pinnipeds in the water could be exposed to airborne sound that may 
result in behavioral harassment when looking with their heads above 
water. Most likely, airborne sound would cause behavioral responses 
similar to those discussed above in relation to underwater sound. For 
instance, anthropogenic sound could cause hauled-out pinnipeds to 
exhibit changes in their normal behavior, such as reduction in 
vocalizations, or cause them to temporarily abandon the area and move 
further from the source. However, these animals would likely previously 
have been `taken' because of exposure to underwater sound above the 
behavioral harassment thresholds, which are generally larger than those 
associated with airborne sound. There are no haulouts near the project 
sites. Thus, the behavioral harassment of these animals is already 
accounted for in these estimates of potential take. Therefore, we do 
not believe that authorization of incidental take resulting from 
airborne sound for pinnipeds is warranted, and airborne sound is not 
discussed further here.

Marine Mammal Habitat Effects

    The City's construction activities could have localized, temporary 
impacts on marine mammal habitat, including prey, by increasing in-
water sound pressure levels and slightly decreasing water quality. 
Increased noise levels may affect acoustic habitat (see masking 
discussion above) and adversely affect marine mammal prey in the 
vicinity of the project areas (see discussion below). During impact and 
vibratory pile driving or removal, elevated levels of underwater noise 
would ensonify the project areas where both fishes and mammals occur 
and could affect foraging success. Additionally, marine mammals may 
avoid the area during construction, however, displacement due to noise 
is expected to be temporary and is not expected to result in long-term 
effects to the individuals or populations. Construction activities are 
of short duration and would likely have temporary impacts on marine 
mammal habitat through increases in underwater and airborne sound.
    A temporary and localized increase in turbidity near the seafloor 
would occur in the immediate area surrounding the

[[Page 12101]]

area where piles are installed or removed. In general, turbidity 
associated with pile installation is localized to about a 25-ft (7.6-m) 
radius around the pile (Everitt et al., 1980). The sediments of the 
project site will settle out rapidly when disturbed. Cetaceans are not 
expected to be close enough to the pile driving areas to experience 
effects of turbidity, and any pinnipeds could avoid localized areas of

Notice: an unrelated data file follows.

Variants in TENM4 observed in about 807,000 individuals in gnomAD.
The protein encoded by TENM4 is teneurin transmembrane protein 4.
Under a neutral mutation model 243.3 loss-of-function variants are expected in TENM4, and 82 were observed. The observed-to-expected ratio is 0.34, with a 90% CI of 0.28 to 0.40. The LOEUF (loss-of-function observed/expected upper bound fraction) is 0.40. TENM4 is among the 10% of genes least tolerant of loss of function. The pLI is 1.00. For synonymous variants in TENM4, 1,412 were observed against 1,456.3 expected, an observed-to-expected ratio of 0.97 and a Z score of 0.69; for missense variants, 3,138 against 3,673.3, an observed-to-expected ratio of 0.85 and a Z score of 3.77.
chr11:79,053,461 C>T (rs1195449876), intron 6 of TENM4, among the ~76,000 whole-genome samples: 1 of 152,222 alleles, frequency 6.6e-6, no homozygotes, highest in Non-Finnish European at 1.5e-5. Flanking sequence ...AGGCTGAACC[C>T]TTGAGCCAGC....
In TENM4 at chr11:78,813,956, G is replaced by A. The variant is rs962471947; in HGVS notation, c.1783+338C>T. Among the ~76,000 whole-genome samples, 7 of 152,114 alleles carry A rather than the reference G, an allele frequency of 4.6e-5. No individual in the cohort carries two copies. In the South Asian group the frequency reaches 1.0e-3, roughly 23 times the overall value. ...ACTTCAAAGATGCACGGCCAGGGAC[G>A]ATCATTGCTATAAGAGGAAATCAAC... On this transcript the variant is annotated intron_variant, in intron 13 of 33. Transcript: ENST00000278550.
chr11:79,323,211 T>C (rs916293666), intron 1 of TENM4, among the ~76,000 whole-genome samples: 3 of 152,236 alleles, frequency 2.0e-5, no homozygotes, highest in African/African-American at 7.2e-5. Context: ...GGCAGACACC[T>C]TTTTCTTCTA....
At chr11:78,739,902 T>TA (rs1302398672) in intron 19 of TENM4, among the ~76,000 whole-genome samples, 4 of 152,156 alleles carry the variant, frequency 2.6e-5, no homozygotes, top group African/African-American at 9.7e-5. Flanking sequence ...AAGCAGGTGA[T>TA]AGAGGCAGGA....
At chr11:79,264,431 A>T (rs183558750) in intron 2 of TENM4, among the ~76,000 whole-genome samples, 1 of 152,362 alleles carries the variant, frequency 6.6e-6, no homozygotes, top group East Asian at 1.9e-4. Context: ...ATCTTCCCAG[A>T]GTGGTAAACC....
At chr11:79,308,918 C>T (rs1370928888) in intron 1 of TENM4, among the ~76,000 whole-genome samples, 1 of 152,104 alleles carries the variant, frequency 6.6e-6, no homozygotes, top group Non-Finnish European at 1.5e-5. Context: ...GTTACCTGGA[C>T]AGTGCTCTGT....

turbidity. Local currents are anticipated to disburse any additional 
suspended sediments produced by project activities at moderate to rapid 
rates depending on tidal stage. Therefore, we expect the impact from 
increased turbidity levels to be discountable to marine mammals and do 
not discuss it further.

In-Water Construction Effects on Potential Foraging Habitat

    The area likely impacted by the project is relatively small 
compared to the available habitat in Puget Sound. The area is highly 
influenced by anthropogenic activities. The total seafloor area 
affected by pile installation and removal is a small area compared to 
the vast foraging area available to marine mammals in the area. At 
best, the impact area provides marginal foraging habitat for marine 
mammals and fishes. Furthermore, pile driving and removal at the 
project site would not obstruct long-term movements or migration of 
marine mammals.
    Avoidance by potential prey (i.e., fish or, in the case of 
transient killer whales, other marine mammals) of the immediate area 
due to the temporary loss of this foraging habitat is also possible. 
The duration of fish and marine mammal avoidance of this area after 
pile driving stops is unknown, but a rapid return to normal 
recruitment, distribution, and behavior is anticipated. Any behavioral 
avoidance by fish or marine mammals of the disturbed area would still 
leave significantly large areas of fish and marine mammal foraging 
habitat in the nearby vicinity.
    In-Water Construction Effects on Potential Prey--Sound may affect 
marine mammals through impacts on the abundance, behavior, or 
distribution of prey species (e.g., crustaceans, cephalopods, fish, 
zooplankton, other marine mammals). Marine mammal prey varies by 
species, season, and location. Here, we describe studies regarding the 
effects of noise on known marine mammal prey other than other marine 
mammals (which have been discussed earlier).
    Fish utilize the soundscape and components of sound in their 
environment to perform important functions such as foraging, predator 
avoidance, mating, and spawning (e.g., Zelick and Mann, 1999; Fay, 
2009). Depending on their hearing anatomy and peripheral sensory 
structures, which vary among species, fishes hear sounds using pressure